See Terms of Use tab for General Terms and Conditions


The Jackson Laboratory's Genotype Promise

The Jackson Laboratory has rigorous genetic quality control and mutant gene genotyping programs to ensure the genetic background of JAX® Mice strains as well as the genotypes of strains with identified molecular mutations. JAX® Mice strains are only made available to researchers after meeting our standards. However, the phenotype of each strain may not be fully characterized and/or captured in the strain data sheets. Therefore, we cannot guarantee a strain's phenotype will meet all expectations. To ensure that JAX® Mice will meet the needs of individual research projects or when requesting a strain that is new to your research, we suggest ordering and performing tests on a small number of mice to determine suitability for your particular project.
Ordering Information
JAX® Mice
Surgical and Preconditioning Services
JAX® Services
Customer Services and Support
Tel: 1-800-422-6423 or 1-207-288-5845
Fax: 1-207-288-6150
Technical Support Email Form

Terms of Use

Terms of Use


General Terms and Conditions


For Licensing and Use Restrictions view the link(s) below:
- Use of MICE by companies or for-profit entities requires a license prior to shipping.

Contact information

General inquiries regarding Terms of Use

Contracts Administration

phone:207-288-6470

JAX® Mice, Products & Services Conditions of Use

"MICE" means mouse strains, their progeny derived by inbreeding or crossbreeding, unmodified derivatives from mouse strains or their progeny supplied by The Jackson Laboratory ("JACKSON"). "PRODUCTS" means biological materials supplied by JACKSON, and their derivatives. "RECIPIENT" means each recipient of MICE, PRODUCTS, or services provided by JACKSON including each institution, its employees and other researchers under its control. MICE or PRODUCTS shall not be: (i) used for any purpose other than the internal research, (ii) sold or otherwise provided to any third party for any use, or (iii) provided to any agent or other third party to provide breeding or other services. Acceptance of MICE or PRODUCTS from JACKSON shall be deemed as agreement by RECIPIENT to these conditions, and departure from these conditions requires JACKSON's prior written authorization.

No Warranty

MICE, PRODUCTS AND SERVICES ARE PROVIDED “AS IS”. JACKSON EXTENDS NO WARRANTIES OF ANY KIND, EITHER EXPRESS, IMPLIED, OR STATUTORY, WITH RESPECT TO MICE, PRODUCTS OR SERVICES, INCLUDING ANY IMPLIED WARRANTY OF MERCHANTABILITY OR FITNESS FOR A PARTICULAR PURPOSE, OR ANY WARRANTY OF NON-INFRINGEMENT OF ANY PATENT, TRADEMARK, OR OTHER INTELLECTUAL PROPERTY RIGHTS.

In case of dissatisfaction for a valid reason and claimed in writing by a purchaser within ninety (90) days of receipt of mice, products or services, JACKSON will, at its option, provide credit or replacement for the mice or product received or the services provided.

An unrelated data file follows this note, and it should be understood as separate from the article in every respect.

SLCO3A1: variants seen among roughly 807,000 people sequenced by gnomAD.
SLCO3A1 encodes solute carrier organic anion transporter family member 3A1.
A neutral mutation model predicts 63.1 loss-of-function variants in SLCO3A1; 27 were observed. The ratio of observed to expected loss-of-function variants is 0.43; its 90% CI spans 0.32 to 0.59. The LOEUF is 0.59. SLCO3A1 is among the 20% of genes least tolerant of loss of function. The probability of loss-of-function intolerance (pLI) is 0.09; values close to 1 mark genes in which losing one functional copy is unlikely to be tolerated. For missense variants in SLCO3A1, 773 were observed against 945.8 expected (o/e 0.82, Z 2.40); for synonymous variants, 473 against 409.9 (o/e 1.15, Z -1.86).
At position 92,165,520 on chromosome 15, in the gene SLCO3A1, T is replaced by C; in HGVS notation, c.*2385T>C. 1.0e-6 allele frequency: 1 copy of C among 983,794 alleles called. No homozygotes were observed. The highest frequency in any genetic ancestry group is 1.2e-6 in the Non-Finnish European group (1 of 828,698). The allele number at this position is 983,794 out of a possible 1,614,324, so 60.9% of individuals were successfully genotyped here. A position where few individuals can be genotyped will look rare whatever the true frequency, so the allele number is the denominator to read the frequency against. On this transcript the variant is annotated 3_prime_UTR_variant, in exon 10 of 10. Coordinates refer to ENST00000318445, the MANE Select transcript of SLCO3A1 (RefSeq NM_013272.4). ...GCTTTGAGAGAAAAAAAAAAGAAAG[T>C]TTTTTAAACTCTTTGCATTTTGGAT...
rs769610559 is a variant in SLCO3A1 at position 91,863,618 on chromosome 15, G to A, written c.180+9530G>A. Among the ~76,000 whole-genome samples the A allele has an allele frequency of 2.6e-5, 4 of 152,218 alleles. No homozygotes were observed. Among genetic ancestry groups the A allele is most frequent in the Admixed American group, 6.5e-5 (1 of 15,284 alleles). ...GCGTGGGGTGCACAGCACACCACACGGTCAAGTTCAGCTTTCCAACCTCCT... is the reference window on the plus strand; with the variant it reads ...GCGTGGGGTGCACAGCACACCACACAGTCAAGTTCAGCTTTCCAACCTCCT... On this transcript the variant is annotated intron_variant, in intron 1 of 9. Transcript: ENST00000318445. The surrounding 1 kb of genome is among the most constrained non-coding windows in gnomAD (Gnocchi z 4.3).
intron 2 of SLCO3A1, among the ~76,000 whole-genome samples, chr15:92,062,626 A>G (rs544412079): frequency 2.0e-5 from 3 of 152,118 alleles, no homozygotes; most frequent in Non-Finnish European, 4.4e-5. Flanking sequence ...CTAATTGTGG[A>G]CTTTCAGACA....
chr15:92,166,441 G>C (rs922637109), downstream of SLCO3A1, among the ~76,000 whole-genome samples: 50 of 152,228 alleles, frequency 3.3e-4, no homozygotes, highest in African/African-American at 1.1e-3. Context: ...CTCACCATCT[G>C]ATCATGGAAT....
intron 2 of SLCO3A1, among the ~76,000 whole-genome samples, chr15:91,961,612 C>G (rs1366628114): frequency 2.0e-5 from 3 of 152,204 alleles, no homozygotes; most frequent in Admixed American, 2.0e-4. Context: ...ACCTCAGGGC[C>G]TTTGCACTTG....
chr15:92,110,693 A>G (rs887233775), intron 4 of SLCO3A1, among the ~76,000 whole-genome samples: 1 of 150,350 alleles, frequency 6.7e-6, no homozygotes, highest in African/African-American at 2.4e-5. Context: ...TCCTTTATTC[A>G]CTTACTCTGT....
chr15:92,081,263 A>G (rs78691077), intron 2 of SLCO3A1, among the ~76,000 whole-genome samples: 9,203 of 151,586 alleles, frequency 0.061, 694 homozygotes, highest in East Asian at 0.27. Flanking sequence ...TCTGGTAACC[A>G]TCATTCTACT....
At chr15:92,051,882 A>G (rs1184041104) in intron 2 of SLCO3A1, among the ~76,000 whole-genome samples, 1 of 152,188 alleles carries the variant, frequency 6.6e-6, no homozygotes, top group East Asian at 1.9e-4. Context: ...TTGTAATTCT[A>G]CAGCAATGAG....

No Liability

In no event shall JACKSON, its trustees, directors, officers, employees, and affiliates be liable for any causes of action or damages, including any direct, indirect, special, or consequential damages, arising out of the provision of MICE, PRODUCTS or services, including economic damage or injury to property and lost profits, and including any damage arising from acts or negligence on the part of JACKSON, its agents or employees. Unless prohibited by law, in purchasing or receiving MICE, PRODUCTS or services from JACKSON, purchaser or recipient, or any party claiming by or through them, expressly releases and discharges JACKSON from all such causes of action or damages, and further agrees to defend and indemnify JACKSON from any costs or damages arising out of any third party claims.

MICE and PRODUCTS are to be used in a safe manner and in accordance with all applicable governmental rules and regulations.

The foregoing represents the General Terms and Conditions applicable to JACKSON’s MICE, PRODUCTS or services. In addition, special terms and conditions of sale of certain MICE, PRODUCTS or services may be set forth separately in JACKSON web pages, catalogs, price lists, contracts, and/or other documents, and these special terms and conditions shall also govern the sale of these MICE, PRODUCTS and services by JACKSON, and by its licensees and distributors.

Acceptance of delivery of MICE, PRODUCTS or services shall be deemed agreement to these terms and conditions. No purchase order or other document transmitted by purchaser or recipient that may modify the terms and conditions hereof, shall be in any way binding on JACKSON, and instead the terms and conditions set forth herein, including any special terms and conditions set forth separately, shall govern the sale of MICE, PRODUCTS or services by JACKSON.